The Drafting Committee have done a good job of work, but at the same time I am afraid they cannot escape two valid criticisms. The committee, I have taken upon themselves the responsibility of changing some vital provisions adopted in the open House by this Assembly. They have also felt themselves entitled to reject the report of committees appointed by the House. (Hear, hear). I happen to be a Member of the Committee which reported on the future constitution of Delhi and the Centrally administered Provinces. It is true that the report of that Committee was not discussed in this House and no decisions were taken, but I think the recommendations of that Committee were more entitled to be embodied in this Constitution than the views of the Drafting Committee. (Hear, hear). Sir, I shall not labour the point and I leave it to the House to judge when the clauses come up which proposals the House will choose to accept. But I would confine myself today to discuss certain fundamental principles which were touched upon by the Mover of this Resolution.

Dr. Ambedkar rightly stressed those aspects of our Constitution which make for rigidity and flexibility and he claimed that the Constitution of India as drafted is more flexible than the American Constitution or other federal constitutions. But I venture to suggest that flexibility is not always a virtue. The constitution of country is like the human frame; certain parts of it have to be rigid in order that the constitution may endure; there will have to be other those parts which have to be rigid. I think it is dangerous to compromise with fundamental principles. We may think it is expedient to compromise with them for the necessities of the moment, but once we compromise on fundamental principles that compromise becomes, a canker in the Constitution and will finally destroy it.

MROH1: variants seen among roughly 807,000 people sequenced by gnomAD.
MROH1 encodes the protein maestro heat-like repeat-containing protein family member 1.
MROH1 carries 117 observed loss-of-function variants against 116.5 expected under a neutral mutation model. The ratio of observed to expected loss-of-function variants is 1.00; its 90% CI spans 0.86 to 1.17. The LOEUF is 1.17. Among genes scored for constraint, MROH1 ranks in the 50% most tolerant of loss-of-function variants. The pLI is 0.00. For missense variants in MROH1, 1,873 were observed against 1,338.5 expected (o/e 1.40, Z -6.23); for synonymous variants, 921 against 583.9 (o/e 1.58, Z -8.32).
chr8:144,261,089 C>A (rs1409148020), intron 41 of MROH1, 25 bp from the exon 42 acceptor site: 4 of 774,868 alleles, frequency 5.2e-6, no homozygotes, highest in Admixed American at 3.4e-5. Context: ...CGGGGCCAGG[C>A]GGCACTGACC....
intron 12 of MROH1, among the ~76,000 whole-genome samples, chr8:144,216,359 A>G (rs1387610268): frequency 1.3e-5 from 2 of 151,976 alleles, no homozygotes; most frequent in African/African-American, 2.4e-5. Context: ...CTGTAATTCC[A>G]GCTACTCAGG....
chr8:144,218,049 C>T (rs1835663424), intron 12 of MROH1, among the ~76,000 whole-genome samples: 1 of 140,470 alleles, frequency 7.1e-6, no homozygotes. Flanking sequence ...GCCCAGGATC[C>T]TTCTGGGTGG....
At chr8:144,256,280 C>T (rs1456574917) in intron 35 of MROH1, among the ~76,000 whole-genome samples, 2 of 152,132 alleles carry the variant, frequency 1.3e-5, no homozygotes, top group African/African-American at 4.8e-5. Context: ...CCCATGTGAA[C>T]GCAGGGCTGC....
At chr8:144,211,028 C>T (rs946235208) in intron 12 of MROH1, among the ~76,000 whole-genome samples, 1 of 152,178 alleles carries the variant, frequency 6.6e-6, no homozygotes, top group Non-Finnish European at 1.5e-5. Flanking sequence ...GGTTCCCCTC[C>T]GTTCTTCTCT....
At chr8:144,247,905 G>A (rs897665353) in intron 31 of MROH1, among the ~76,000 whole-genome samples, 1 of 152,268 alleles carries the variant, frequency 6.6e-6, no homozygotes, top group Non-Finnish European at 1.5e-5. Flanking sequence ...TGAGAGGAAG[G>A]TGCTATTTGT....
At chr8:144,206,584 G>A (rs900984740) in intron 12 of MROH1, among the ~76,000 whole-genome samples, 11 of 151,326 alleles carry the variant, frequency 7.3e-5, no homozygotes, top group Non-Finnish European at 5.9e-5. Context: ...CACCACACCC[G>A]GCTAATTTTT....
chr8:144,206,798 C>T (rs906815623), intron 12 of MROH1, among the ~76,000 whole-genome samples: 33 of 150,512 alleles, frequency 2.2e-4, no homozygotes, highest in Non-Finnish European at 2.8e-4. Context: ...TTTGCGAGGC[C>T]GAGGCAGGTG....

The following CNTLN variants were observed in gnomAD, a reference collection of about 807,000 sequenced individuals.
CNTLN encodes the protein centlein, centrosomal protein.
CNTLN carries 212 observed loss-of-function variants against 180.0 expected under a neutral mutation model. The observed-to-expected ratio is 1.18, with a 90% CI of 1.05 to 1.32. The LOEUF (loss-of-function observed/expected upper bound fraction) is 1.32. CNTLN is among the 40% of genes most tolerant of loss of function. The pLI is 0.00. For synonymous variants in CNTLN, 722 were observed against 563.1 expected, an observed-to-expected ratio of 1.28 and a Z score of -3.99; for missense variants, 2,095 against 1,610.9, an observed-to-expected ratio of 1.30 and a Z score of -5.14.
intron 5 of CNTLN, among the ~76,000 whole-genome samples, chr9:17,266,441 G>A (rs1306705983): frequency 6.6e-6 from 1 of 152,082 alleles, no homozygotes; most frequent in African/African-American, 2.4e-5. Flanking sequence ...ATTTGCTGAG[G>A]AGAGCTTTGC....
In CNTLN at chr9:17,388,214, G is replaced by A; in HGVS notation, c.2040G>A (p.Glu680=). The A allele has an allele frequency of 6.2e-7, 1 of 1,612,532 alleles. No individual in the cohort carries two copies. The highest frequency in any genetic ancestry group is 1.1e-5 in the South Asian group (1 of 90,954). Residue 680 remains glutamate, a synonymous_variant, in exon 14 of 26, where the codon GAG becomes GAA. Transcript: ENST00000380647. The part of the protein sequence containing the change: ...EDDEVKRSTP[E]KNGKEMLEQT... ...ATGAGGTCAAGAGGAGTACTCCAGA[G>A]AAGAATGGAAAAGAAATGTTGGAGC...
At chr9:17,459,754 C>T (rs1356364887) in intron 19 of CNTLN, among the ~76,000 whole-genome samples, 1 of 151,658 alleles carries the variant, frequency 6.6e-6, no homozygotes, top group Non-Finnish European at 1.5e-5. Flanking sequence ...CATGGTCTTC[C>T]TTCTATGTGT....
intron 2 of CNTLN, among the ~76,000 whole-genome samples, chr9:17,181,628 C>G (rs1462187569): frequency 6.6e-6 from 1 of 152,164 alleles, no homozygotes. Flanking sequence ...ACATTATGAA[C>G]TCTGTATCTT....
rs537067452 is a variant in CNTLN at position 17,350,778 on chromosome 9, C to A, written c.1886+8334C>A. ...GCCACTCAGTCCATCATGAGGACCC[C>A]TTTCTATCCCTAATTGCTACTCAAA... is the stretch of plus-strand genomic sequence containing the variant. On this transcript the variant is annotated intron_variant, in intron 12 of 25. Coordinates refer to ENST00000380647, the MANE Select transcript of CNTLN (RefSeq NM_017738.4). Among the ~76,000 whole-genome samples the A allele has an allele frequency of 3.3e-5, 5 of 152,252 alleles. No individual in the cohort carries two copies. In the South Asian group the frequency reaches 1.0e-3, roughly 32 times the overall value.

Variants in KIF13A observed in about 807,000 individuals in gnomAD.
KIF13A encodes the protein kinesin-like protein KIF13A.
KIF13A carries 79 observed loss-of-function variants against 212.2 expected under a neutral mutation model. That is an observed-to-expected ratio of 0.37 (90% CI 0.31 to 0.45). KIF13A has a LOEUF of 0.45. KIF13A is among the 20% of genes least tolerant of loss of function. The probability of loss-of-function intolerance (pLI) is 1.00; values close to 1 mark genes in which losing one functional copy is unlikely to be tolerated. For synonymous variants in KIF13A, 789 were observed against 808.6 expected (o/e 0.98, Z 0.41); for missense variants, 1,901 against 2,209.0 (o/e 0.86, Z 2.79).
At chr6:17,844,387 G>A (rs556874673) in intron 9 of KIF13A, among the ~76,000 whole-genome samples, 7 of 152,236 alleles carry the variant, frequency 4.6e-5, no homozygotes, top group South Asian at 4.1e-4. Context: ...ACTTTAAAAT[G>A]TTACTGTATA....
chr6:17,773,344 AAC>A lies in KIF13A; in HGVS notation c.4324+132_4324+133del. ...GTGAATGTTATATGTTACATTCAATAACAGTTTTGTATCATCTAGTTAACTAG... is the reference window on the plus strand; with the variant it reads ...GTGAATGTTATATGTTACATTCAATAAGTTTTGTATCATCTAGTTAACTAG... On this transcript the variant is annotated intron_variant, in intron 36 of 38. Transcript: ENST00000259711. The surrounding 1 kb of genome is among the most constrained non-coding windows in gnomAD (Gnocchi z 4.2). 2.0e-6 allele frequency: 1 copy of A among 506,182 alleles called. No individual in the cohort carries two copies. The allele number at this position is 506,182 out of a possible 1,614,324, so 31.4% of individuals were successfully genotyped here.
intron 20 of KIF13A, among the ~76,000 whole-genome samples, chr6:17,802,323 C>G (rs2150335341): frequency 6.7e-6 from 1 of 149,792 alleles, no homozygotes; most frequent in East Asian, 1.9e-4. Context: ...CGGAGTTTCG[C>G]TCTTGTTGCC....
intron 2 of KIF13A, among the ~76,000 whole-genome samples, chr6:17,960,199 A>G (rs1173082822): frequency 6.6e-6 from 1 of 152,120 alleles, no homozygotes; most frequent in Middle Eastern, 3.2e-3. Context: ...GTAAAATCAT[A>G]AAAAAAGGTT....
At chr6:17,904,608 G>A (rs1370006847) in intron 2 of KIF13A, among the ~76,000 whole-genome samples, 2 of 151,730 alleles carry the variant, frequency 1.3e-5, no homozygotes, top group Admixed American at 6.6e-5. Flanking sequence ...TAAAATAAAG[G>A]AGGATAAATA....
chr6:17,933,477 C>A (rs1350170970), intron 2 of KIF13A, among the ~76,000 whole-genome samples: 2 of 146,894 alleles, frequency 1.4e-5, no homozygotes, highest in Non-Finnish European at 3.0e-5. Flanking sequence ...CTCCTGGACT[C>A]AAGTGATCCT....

Sir, what are the fundamental principles which are sought to be embodied in this Constitution? First of all, there is to be a single, equal and secular citizenship. Secondly, there is to be adult franchise. Thirdly, it is to be suggest that we should examine the provisions of the Constitution to see whether every one of these every one of these principles has been embodied to the fullest extent.

Take for instance the principle of single, equal and secular citizenship. These are said to be protected by the Fundamental Rights. But Dr. Ambedkar himself admitted that every one of the Fundamental Right is subject to Supreme Court has had to modify these Fundamental Rights. That is quite true. Bur even our Supreme Court will have to deal with these Fundamental Rights. While it was the function of the Supreme Court of the United States of America to restrict the scope of the Fundamental Rights. That is quite mental Rights. While it was the function of the Supreme Court of the United States of America to restrict the scope of the Fundamental Rights by considering the necessities of the State, it will be the duty of the Federal Court or the Supreme Court of India to restrict the scope of the limitation. For, if the limitation are to be interpreted broadly, the we may as well omit the Chapter on Fundamental Rights altogether.